Or she could have been the American Moreau, if Hollywood didn't fear smart, unconventionally alluring actresses who defy pigeon-holing. Both women combined toughness and femininity, ardor and restraint, knowingness and indomitability (in Neal's case, even more in life than on the screen). Until fairly recently young women were almost always referred to as girls (Neal was barely out of her teens when she won a Tony, in Lillian Hellman's "Another Part of the Forest"), but you can bet no one spoke of her that way. Several things made Neal special. There was her fur-lined purr of a voice. The somehow variant quality of her beauty (that slash of a mouth, the squared-off face, the wide set of her eyes), which made her all the more striking in appearance. What was most striking about Neal was an ability to be at once victim and wisest person on the screen -- which is another way of saying the most richly human. It's a quality she demonstrated in what may be her two most memorable performances, as the discoverer of Andy Griffith's Lonesome Rhodes, in "A Face in the Crowd," and as Alma, the sexy-spinsterish housekeeper, in "Hud" (seen above, with Paul Newman in the title role).
What dominates the perception of her career -- how could it not, since it nearly ended Neal's life -- was the devastating series of strokes she suffered in 1965 and the heroic recovery she made from them. They left her in a coma for three weeks, yet within two years Neal was offered the role of Mrs. Robinson, in "The Graduate," which she turned down. Perhaps it was the similarity to her part in "Breakfast at Tiffany's" as George Peppard's . . . would "underwriter" be a suitable euphemism?
For someone who had such a checkered movie career, thanks not just to health issues but also how much theater she did (Neal played Helen Keller's mother in the original production of "The Miracle Worker") and television, too, she showed up in several very notable movies. Besides "Hud," "A Face in the Crowd," and "Tiffany's," Neal had the female lead opposite Gary Cooper in King Vidor's "The Fountainhead" (her tumultuous affair with Cooper is one of the more famous off-screen romances in Hollywood history). In the original "The Day the Earth Stood Still" (shown at right), Neal got to utter what must be the most-quoted extra-terrestrial sentence in movie history, "Klaatu barada nikto." And in "The Subject Was Roses," Neal's first role after her stroke, her son was played by a young actor making his movie debut by the name of Martin Sheen. Which makes Neal the mother of Kit Carruthers and Captain Willard, too (sort of).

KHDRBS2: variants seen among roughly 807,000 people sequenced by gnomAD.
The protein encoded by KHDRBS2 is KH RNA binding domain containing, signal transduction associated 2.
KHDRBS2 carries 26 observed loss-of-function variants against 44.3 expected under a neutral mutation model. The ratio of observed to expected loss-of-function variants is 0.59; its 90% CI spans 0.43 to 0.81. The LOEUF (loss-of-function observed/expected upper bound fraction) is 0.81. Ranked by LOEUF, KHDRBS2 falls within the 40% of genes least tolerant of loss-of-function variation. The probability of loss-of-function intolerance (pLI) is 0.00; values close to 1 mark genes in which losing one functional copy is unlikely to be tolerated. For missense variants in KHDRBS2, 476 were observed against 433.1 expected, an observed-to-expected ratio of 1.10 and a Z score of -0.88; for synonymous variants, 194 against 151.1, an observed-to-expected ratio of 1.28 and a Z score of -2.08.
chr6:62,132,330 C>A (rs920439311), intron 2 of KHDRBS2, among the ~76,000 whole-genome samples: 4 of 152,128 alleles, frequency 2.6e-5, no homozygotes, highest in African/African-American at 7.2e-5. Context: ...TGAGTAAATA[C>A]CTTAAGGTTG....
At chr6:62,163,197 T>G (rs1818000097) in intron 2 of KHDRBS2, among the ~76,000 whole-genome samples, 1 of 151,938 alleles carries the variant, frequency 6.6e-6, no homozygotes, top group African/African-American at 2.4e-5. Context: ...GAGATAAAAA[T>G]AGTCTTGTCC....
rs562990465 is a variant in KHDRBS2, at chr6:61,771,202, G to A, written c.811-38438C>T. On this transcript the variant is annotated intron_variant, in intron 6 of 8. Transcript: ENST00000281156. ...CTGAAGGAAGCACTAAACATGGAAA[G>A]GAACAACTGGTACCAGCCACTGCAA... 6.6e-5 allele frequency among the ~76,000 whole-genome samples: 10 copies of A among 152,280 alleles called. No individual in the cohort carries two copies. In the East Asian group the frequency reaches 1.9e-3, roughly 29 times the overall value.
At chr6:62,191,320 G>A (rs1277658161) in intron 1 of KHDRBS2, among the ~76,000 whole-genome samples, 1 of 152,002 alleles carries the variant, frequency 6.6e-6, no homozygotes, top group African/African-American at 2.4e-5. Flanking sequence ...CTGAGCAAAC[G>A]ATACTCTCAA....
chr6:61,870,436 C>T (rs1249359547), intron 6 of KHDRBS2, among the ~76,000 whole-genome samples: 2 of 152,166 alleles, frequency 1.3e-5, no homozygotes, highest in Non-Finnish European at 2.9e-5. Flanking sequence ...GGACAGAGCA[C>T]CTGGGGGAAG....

It's a sad truth of American film that female movie stars are not allowed to age well -- or even interestingly. That's true even when they're not old yet. In "Hud," Neal's character is supposed to be significantly older than Newman's, this despite the fact Newman was born a year before Neal was. All of which makes Neal's title performance in Robert Altman's "Cookie's Fortune" that much more cherishable. As an elderly Southern eccentric who rather merrily commits suicide, Neal manages to be both enchanting and cranky: the sort of person you can't decide whether to cross the street to avoid or seat next to you at Easter dinner. Watching "Cookie's Fortune," you can see why Liv Tyler never really had a movie career -- and you might wonder how Julianne Moore and Glenn Close managed to. There are no such doubts with Neal.
About Movie Nation
ContributorsTy Burr is a film critic with The Boston Globe.
Mark Feeney is an arts writer for The Boston Globe.
Janice Page is movies editor for The Boston Globe.
Tom Russo is a regular correspondent for the Movies section and writes a weekly column on DVD releases.
Katie McLeod is Boston.com's features editor.
Rachel Raczka is a producer for Lifestyle and Arts & Entertainment at Boston.com.
Emily Wright is an Arts & Entertainment producer for Boston.com.
Take 2 reviews and podcast
Look for new reviews by Ty Burr and Wesley Morris at the end of each week in multiple formats.